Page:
Discerning Justice: Yes on 34

Anti-death penalty campaigner Alan Toy. MARK RALSTON/AFP/Getty Images

Anti-death penalty campaigner Alan Toy. MARK RALSTON/AFP/Getty Images

October was Interfaith Month for Prop 34, a time set aside for leaders of faith traditions to address the question of California’s death penalty and advocate for its replacement. Hundreds of faith community’s have endorsed Proposition 34 because we believe the best way to do justice in California is to replace the death penalty with life in prison with no possibility of parole. 

The will to see justice done is deep within the human spirit. We may not always agree on what “justice” looks like, but the belief in a just and fair society — and the desire to bring it about — are at the heart of how we live together and form a community. In religious traditions like Christianity, Islam, Judaism, and countless others, doing justice is a calling to enact God’s will.

The next question is, of course, what does that mean? Discerning justice can be even harder than doing justice. 

Death Penalty for Jesus

Stained glass window of Jesus scourging, Nancy Bauer /

Stained glass window of Jesus scourging, Nancy Bauer /

In 2009, after moving to Southern California, a neighbor, Tom Rotert, who is an attorney, asked about my reporting on wrongful convictions and wrongful executions while I was at the Chicago Tribune.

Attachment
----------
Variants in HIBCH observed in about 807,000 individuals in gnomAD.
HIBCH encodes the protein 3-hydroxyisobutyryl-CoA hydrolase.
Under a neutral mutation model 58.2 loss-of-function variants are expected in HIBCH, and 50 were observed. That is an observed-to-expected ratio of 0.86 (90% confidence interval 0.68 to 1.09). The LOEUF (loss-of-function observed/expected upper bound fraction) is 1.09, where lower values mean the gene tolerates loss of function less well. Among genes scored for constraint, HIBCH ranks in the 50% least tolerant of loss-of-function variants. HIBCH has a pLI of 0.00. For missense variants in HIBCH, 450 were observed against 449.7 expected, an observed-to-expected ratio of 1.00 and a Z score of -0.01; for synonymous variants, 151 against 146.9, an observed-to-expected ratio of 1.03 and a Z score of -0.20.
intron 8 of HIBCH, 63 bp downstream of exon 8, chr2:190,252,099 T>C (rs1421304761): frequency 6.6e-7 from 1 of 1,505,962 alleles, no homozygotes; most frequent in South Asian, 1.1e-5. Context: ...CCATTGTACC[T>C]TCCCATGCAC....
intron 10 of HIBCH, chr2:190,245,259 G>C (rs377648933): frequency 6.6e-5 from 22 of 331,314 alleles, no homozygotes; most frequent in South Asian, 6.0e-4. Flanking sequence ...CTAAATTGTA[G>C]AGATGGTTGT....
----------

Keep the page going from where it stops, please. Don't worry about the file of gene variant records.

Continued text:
I explained that along with my fellow reporter Steve Mills, we had documented numerous wrongful convictions in Illinois and the executions of two innocent men in Texas — Carlos DeLuna and Cameron Todd Willingham.

 “You know who the ultimate wrongful execution is, don’t you?” Rotert asked. “It was Jesus Christ. They killed the son of God.”

The crucifixion of Jesus Christ doesn’t come up very often in discussions about wrongful convictions in America, but as California voters prepare to go to the polls to vote on Proposition 34 which would ban the death penalty in this state, two lawyers — one from Chicago and one from Minneapolis — are doing exactly that.

'Spiritual-But-Not-Religious' Mecca Faces Midlife Crisis

RNS photo by Chris Franek

Caught in the rapture - Tai Chi on the pool deck with Al Huang at Esalen Institute. RNS photo by Chris Franek

BIG SUR, Calif. — Perched atop the rugged splendor of the California coast south of Monterey, the Esalen Institute is the mother church for people who call themselves “spiritual but not religious." Over the last five decades, hundreds of thousands of seekers have come to this incubator of East-meets-West spirituality looking for new ways to bring together body, mind, psyche and soul.

But on May 30, as this iconic hot springs spa and retreat center celebrates its 50th birthday, a bitter dispute has broken out over its future. Like the many “seminarians” who come here after losing a spouse or a job, Esalen now faces its own midlife crisis.

California's 'Prop 8' Ruled Unconsitutional

(Photo by Justin Sullivan/Getty Images)

Same-sex couple celebrates outside of San Francisco City Hall Tuesday. Photo by Justin Sullivan/Getty Images

In a decision that likely will set the stage for a high-stakes showdown at the U.S. Supreme Court, the 9th U.S. Circuit Court of Appeals struck down California's Proposition 8 ballot measure that banned gay marriage, saying there is no "legitimate" reason to keep same-sex couples from marrying.